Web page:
Editorials

When drugs don’t make it to market

BMJ 2015; 350 doi: https://doi.org/10.1136/bmj.h2852 (Published 09 June 2015) Cite this as: BMJ 2015;350:h2852
  1. Barbara Mintzes, senior lecturer
  1. 1Faculty of Pharmacy and Charles Perkins Centre, University of Sydney, Charles Perkins Centre D17, NSW Australia 2006
  1. Correspondence to: Barbara.mintzes{at}sydney.edu.au

We need to know why, and regulators should tell us

Drug regulation aims to protect public health by ensuring that only medicines that are effective and safe are marketed. The key regulatory innovation after the thalidomide tragedy was the requirement for systematic evidence of efficacy before marketing approval, with the understanding that no drug exposure is worth risking without evidence of benefit.

Over 50 years later, premarket evaluations remain much needed but imperfect, with efficacy standards not always ensuring clinical benefit for patients,1 and inadequate public communication on the available evidence and how it has been assessed. The United States Food and Drug Administration (FDA) is more open than many regulatory agencies, but, when it comes to non-approvals, the linked study by Lurie and colleagues (doi:10.1136/bmj.h2758) shows that commercial confidentiality continues to trump public health.2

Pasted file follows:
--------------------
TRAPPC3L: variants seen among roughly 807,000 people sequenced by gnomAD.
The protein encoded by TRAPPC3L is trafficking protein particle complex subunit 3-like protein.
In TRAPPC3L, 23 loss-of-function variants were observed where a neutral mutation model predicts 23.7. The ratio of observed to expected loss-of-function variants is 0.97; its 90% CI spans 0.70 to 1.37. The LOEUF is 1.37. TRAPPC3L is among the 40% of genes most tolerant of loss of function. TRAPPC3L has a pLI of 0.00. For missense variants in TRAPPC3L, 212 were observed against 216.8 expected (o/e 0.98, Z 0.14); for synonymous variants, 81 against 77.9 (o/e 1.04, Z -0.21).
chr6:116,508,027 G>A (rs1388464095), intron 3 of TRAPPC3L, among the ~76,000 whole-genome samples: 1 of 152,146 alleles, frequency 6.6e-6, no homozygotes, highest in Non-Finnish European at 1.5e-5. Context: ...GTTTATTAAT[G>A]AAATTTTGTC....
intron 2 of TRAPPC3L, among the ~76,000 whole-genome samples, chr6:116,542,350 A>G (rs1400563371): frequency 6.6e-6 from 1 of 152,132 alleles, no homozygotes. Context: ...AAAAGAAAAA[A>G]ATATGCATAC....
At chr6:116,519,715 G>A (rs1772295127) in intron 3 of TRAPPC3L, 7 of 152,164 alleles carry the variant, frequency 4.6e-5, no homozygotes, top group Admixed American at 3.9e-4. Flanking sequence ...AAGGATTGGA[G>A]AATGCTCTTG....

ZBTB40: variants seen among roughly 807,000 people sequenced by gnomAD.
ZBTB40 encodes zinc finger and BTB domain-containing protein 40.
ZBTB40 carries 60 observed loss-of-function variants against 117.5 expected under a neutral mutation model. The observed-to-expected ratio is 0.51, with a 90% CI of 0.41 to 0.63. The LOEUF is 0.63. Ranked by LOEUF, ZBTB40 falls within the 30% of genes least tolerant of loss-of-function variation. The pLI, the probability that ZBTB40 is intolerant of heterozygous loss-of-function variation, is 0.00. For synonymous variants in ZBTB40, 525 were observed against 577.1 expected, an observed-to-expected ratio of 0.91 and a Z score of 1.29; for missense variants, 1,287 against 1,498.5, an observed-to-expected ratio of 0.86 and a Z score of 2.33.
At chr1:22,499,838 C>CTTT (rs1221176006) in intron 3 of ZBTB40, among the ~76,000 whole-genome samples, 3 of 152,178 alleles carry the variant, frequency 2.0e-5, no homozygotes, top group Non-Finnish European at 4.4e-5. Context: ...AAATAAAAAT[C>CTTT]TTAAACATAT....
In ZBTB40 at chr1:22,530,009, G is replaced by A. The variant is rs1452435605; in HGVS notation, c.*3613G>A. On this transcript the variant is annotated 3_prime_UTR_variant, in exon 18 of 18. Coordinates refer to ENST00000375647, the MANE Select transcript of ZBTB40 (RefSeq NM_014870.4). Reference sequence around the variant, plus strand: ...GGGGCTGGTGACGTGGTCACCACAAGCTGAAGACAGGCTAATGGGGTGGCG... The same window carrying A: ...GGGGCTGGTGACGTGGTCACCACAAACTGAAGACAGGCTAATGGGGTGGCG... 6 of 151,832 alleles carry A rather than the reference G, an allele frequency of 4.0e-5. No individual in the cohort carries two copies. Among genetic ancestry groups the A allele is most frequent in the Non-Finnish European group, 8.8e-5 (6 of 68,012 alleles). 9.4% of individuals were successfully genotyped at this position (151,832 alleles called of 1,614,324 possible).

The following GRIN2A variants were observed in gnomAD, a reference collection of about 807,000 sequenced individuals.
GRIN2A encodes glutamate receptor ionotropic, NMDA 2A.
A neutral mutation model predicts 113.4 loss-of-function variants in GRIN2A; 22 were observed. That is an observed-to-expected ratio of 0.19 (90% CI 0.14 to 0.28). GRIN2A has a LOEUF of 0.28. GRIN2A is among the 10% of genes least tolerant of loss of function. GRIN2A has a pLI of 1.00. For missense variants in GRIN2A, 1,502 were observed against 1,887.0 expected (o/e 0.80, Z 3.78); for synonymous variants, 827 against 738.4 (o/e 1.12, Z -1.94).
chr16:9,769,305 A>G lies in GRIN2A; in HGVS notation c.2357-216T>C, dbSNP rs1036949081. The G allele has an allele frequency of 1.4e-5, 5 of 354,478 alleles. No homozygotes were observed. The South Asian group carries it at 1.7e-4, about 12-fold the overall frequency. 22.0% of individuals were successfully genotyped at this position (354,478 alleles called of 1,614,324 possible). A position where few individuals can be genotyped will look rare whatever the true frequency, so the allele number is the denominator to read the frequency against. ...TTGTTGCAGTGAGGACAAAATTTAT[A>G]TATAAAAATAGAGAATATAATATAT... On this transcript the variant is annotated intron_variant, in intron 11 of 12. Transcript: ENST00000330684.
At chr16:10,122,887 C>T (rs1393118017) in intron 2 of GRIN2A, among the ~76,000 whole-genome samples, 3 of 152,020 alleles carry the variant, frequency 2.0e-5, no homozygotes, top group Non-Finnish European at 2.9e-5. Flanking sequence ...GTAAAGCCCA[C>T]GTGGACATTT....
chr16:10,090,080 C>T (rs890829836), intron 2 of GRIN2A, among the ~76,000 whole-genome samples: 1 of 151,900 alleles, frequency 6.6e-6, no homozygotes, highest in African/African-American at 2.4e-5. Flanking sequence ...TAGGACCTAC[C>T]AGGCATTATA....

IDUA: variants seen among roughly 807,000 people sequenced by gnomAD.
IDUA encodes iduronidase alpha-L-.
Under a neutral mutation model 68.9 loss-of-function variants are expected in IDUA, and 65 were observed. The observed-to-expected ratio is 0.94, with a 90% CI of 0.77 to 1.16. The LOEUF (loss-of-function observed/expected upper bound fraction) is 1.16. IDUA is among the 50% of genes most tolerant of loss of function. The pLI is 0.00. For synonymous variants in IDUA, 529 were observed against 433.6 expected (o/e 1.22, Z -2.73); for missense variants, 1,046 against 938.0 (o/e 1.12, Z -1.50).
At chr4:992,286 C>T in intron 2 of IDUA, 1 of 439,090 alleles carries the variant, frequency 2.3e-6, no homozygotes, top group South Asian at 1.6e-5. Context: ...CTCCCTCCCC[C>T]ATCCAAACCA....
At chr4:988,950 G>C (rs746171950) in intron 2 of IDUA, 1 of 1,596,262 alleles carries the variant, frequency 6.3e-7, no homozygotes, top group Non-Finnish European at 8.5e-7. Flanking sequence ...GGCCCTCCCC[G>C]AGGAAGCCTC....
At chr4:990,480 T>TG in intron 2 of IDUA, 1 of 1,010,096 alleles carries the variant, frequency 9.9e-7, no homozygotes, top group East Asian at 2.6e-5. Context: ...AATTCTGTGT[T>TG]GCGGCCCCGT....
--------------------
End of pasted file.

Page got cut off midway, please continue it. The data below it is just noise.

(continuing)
If the FDA rejects an application, the letter to the manufacturer stating the reasons is confidential. Lurie and colleagues are FDA staff members who compared the content of FDA non-approval letters (n=61) with the firms’ press releases.2 This is the first published study to compare what regulators say in confidence to pharmaceutical manufacturers and what those manufacturers then say to the public. The differences are damning: 85% of the regulator’s …

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